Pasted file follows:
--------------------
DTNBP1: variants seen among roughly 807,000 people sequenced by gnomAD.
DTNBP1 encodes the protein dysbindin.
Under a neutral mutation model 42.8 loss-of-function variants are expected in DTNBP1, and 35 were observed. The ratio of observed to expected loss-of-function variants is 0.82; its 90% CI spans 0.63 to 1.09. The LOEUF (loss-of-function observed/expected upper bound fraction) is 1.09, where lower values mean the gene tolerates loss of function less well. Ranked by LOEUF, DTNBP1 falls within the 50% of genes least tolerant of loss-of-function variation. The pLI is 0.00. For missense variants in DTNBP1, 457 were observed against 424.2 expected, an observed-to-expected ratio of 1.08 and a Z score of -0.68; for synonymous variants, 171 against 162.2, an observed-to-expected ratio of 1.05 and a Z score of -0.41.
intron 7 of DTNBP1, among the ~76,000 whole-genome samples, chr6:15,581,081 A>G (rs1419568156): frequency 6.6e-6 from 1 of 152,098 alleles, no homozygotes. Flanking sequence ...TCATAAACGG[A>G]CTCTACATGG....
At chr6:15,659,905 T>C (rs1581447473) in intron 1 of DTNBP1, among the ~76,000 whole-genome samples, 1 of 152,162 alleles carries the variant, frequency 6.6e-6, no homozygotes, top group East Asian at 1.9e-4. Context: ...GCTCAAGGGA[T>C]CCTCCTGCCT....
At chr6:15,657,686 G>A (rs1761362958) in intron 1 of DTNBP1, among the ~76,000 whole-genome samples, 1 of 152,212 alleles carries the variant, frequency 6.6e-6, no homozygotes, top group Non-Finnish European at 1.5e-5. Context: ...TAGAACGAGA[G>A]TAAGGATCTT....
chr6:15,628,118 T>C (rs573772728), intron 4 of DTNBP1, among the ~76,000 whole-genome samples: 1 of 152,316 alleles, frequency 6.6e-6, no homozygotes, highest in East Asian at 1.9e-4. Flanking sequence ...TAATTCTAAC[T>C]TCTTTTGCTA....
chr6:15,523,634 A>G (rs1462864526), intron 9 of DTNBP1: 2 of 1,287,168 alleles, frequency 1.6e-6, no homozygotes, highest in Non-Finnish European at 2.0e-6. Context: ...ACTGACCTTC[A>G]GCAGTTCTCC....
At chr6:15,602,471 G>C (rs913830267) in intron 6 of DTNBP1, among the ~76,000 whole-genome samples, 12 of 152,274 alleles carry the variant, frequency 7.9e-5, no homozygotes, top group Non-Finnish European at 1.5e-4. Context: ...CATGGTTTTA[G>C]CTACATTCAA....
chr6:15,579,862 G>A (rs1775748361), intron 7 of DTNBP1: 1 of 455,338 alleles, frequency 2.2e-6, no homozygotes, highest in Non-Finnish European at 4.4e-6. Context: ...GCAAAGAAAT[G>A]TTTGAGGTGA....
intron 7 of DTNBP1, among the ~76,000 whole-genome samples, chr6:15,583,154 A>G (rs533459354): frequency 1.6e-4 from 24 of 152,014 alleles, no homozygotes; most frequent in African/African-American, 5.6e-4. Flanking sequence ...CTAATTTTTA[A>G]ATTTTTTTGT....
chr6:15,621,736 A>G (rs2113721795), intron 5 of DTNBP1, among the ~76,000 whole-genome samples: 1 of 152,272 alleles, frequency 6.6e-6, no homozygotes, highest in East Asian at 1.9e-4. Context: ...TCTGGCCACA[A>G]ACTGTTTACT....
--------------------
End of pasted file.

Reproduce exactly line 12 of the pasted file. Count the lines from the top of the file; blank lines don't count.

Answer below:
chr6:15,621,736 A>G (rs2113721795), intron 5 of DTNBP1, among the ~76,000 whole-genome samples: 1 of 152,272 alleles, frequency 6.6e-6, no homozygotes, highest in East Asian at 1.9e-4. Context: ...TCTGGCCACA[A>G]ACTGTTTACT....